Steph Curry will once again grab the headlines — and rightfully so.
After a 40-point masterclass against the Cleveland Cavaliers — one where he put up 75/55/67 shooting splits (2P/3P/FT) and a 78 TS% — Curry continues to add to an early season statistical rampage that’s on pace to be historic.
In 11 games, Curry’s putting up astronomical numbers: 33.3 points, 6.8 rebounds, and 6.7 assists. His shooting splits are something you’d see from a maxed-out MyPLAYER in 2K: 64/44/91 (2P/3P/FT), with a 69.5 TS% — a mark that’s not only on pace to shatter his unanimous-MVP TS% of 66.9%; it’s 12.6 percentage points higher than the current league average.
This insane combination of high volume and high efficiency scoring is unprecedented, especially from a 6’2” point guard.
We’re running out of superlatives to describe what Curry’s accomplished throughout his career. At 34-years old — 35 by the time this current season ends — he seems to have replaced the quick burst and agility of his youth with the wisdom of experience, the strength of an “old” man (by professional basketball standards), and an enduring belief in oneself that can only be justified by the all-time greats of the sport.
The threes speak for themselves — he’s putting up a 44% mark (59-of-134) on an astounding 12.2 attempts per game. His 56% success rate on mid-range shots — important for someone who commands hard close-outs and tight perimeter defense — is the best among all point guards when garbage time is eliminated, per Cleaning The Glass. He’s shooting 78% at the rim — 91st percentile for his position.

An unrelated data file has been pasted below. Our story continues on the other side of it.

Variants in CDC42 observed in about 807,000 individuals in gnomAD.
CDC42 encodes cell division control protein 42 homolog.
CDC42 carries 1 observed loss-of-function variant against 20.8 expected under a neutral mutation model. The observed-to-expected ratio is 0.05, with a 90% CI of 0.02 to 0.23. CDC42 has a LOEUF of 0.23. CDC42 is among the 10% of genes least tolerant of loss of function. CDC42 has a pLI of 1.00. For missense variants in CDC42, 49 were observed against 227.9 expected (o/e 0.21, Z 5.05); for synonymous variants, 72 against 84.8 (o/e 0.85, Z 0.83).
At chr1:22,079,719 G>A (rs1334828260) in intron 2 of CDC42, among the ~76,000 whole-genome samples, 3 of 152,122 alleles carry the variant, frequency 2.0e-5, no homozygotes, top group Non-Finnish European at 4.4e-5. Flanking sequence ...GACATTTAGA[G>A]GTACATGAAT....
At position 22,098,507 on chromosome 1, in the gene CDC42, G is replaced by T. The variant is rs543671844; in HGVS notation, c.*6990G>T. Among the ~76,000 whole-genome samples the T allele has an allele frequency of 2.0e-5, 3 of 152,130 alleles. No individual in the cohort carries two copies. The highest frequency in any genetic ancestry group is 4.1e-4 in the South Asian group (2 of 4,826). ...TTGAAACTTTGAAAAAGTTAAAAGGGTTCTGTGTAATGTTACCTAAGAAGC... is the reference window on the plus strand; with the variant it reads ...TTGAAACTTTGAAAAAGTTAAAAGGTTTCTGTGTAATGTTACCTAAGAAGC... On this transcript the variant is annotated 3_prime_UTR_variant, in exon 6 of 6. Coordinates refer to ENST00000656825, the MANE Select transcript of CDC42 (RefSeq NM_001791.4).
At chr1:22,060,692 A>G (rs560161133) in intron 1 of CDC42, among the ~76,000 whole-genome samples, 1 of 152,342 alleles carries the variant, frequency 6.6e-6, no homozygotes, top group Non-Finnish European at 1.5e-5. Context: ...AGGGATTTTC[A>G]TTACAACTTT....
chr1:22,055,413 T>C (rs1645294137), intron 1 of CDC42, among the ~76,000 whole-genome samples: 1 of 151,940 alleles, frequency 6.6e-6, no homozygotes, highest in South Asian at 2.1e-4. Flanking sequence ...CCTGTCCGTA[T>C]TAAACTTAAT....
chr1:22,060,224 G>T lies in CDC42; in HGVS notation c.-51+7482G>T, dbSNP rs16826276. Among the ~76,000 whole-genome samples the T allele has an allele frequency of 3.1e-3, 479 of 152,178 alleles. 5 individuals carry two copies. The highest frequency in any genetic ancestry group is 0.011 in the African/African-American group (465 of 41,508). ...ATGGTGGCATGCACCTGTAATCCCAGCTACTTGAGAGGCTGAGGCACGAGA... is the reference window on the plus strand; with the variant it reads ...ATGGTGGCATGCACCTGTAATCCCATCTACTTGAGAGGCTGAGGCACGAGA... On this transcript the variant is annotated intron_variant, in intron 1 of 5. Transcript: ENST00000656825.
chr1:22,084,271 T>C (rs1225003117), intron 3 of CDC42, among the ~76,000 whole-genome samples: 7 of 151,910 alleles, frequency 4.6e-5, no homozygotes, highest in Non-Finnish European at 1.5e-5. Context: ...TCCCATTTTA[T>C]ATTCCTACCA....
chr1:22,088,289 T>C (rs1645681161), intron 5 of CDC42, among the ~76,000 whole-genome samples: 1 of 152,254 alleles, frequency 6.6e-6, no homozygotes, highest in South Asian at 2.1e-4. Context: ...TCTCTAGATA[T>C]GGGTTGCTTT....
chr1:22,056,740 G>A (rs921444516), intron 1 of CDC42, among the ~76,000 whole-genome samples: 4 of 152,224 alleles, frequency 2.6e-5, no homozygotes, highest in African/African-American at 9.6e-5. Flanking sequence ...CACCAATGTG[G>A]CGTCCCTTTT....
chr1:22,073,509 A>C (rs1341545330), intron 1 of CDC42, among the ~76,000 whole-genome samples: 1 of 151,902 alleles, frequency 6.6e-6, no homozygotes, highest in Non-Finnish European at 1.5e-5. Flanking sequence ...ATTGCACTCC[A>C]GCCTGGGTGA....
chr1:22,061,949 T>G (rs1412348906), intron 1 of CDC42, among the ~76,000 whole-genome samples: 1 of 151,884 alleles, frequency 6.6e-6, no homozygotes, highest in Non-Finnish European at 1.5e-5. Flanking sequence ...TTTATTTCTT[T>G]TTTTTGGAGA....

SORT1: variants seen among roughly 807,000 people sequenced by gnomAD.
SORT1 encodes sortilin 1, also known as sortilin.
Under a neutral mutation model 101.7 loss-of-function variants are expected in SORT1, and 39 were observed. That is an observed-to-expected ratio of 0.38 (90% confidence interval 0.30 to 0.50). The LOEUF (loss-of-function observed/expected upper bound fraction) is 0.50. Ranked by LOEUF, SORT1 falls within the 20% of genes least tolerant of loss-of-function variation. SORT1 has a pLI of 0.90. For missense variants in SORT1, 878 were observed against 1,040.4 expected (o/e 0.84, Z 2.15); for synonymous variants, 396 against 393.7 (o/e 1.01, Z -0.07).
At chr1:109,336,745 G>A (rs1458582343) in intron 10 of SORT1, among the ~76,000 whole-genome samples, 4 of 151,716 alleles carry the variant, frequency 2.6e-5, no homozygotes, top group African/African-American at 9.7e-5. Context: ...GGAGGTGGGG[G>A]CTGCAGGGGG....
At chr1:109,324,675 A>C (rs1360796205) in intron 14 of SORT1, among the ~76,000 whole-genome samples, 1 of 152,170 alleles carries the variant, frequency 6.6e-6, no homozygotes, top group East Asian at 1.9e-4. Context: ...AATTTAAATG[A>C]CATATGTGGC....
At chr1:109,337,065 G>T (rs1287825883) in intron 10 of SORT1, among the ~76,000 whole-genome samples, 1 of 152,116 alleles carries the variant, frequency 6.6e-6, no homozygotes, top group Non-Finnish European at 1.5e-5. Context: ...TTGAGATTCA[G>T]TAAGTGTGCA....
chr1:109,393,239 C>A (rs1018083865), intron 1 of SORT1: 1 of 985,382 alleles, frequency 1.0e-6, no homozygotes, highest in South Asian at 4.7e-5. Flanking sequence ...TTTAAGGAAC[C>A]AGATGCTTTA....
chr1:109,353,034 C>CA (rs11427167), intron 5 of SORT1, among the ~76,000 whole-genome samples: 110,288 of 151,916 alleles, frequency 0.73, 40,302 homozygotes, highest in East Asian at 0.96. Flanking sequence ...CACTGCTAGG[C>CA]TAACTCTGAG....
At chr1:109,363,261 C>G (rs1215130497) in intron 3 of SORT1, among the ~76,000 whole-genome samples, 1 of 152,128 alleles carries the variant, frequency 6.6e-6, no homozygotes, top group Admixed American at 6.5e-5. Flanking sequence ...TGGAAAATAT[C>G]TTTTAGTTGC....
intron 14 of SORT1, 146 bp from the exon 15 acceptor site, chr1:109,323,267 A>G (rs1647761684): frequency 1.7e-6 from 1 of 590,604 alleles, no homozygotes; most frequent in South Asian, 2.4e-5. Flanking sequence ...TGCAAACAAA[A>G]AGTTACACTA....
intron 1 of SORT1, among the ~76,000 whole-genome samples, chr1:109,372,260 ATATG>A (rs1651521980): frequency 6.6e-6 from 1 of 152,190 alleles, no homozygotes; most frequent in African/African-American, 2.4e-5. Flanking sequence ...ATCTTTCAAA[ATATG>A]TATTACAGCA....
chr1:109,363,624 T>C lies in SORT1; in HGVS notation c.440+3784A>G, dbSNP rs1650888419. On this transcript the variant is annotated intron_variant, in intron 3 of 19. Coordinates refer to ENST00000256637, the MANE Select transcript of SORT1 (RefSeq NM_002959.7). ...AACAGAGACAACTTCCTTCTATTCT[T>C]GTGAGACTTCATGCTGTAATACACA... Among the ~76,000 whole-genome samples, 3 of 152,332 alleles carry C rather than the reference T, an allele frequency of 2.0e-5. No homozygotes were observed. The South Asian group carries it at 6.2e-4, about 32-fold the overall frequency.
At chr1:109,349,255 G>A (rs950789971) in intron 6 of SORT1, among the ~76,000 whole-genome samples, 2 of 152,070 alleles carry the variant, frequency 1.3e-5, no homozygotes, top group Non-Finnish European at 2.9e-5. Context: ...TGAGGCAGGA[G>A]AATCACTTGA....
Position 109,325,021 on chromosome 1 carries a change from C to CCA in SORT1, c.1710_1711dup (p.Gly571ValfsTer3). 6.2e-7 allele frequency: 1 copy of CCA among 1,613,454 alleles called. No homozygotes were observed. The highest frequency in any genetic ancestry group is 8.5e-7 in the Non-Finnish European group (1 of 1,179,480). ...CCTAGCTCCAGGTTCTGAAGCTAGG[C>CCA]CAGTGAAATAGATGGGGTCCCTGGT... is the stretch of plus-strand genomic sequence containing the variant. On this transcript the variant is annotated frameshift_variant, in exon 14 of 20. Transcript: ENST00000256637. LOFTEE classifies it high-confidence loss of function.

Curry has always been an underrated three-level scorer because his long-range shooting has always taken center stage — but it feels like this season has showcased his all-around scoring ability to an extent where it has never been acknowledged before. He’s the best in history at shooting threes — but when defenses run him off the line, he can drill those mid-range shots or get to the rim and finish at an elite level.
Those traits are already enough for Curry to be considered an all-time great. You can point to the many pull-up threes, the exquisite off-ball wizardry, the ball-handling craft, and a bunch of other eye-popping offensive feats that he’s been performing for well over 14 years.
But it was this play against the Cavaliers out of a timeout that captures so many things about his greatness:
The meat of this play is the Curry backscreen on Andrew Wiggins’ man that makes it possible for Wiggins to dive and catch the lob. But it’s fun to break down each and every aspect of this play and enjoy the process that led to the finished product.
It’s interesting to note that the play itself started out with Draymond Green handling the ball. But the more intriguing part comes when Green crosses the half-court mark:
Setting double drag screens or staggered ball screens for Green seems counterintuitive — he’s nowhere close to being a pull-up shooting threat. Accordingly, Green’s defender (Jarrett Allen) ducks under the screens because of the non-threat he presents.
But that isn’t the point of why they’re setting screens for Green — it’s to put Wiggins (the first screener) in a position to dive toward the rim, and for Green to be in a position to have the passing angle for what’s about to happen next: